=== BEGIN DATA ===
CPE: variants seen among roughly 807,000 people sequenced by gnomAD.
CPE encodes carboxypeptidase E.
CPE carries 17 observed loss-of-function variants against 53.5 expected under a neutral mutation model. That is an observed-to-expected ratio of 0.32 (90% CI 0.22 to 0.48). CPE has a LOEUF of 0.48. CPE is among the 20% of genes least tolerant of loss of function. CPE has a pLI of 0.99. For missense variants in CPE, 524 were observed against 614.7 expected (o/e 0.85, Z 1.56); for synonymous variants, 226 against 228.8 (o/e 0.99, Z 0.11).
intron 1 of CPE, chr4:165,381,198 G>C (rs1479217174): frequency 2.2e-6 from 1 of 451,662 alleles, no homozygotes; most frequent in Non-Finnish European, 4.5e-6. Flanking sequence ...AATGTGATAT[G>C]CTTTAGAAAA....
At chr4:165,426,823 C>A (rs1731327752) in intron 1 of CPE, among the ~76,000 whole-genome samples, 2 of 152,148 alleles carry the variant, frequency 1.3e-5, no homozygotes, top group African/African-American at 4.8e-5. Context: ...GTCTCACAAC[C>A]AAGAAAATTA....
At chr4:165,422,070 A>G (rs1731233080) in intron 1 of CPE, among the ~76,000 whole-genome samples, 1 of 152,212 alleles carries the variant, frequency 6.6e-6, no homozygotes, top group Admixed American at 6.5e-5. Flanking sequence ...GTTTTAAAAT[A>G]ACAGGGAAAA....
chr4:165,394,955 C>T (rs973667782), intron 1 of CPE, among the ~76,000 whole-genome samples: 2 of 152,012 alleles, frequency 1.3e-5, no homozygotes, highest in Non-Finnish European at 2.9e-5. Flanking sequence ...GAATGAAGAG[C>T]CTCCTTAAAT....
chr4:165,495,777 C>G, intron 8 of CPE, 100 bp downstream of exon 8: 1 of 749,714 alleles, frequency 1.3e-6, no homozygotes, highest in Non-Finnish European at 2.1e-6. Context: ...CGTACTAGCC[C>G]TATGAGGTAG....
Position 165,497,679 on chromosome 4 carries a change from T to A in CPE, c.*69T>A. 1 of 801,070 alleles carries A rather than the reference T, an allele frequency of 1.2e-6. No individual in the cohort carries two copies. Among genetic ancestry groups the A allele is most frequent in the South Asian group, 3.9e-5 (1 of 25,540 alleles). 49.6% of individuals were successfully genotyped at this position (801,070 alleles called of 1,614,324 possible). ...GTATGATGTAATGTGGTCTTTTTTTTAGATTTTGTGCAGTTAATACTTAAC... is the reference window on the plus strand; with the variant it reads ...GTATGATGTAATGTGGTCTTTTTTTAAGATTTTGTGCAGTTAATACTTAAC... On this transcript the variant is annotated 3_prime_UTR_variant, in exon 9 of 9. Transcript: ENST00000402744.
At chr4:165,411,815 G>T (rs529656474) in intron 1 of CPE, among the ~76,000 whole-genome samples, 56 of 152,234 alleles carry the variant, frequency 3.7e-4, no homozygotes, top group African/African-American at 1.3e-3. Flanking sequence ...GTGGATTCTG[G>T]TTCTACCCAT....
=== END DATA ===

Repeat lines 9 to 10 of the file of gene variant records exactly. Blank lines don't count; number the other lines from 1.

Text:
Position 165,497,679 on chromosome 4 carries a change from T to A in CPE, c.*69T>A. 1 of 801,070 alleles carries A rather than the reference T, an allele frequency of 1.2e-6. No individual in the cohort carries two copies. Among genetic ancestry groups the A allele is most frequent in the South Asian group, 3.9e-5 (1 of 25,540 alleles). 49.6% of individuals were successfully genotyped at this position (801,070 alleles called of 1,614,324 possible). ...GTATGATGTAATGTGGTCTTTTTTTTAGATTTTGTGCAGTTAATACTTAAC... is the reference window on the plus strand; with the variant it reads ...GTATGATGTAATGTGGTCTTTTTTTAAGATTTTGTGCAGTTAATACTTAAC... On this transcript the variant is annotated 3_prime_UTR_variant, in exon 9 of 9. Transcript: ENST00000402744.
At chr4:165,411,815 G>T (rs529656474) in intron 1 of CPE, among the ~76,000 whole-genome samples, 56 of 152,234 alleles carry the variant, frequency 3.7e-4, no homozygotes, top group African/African-American at 1.3e-3. Flanking sequence ...GTGGATTCTG[G>T]TTCTACCCAT....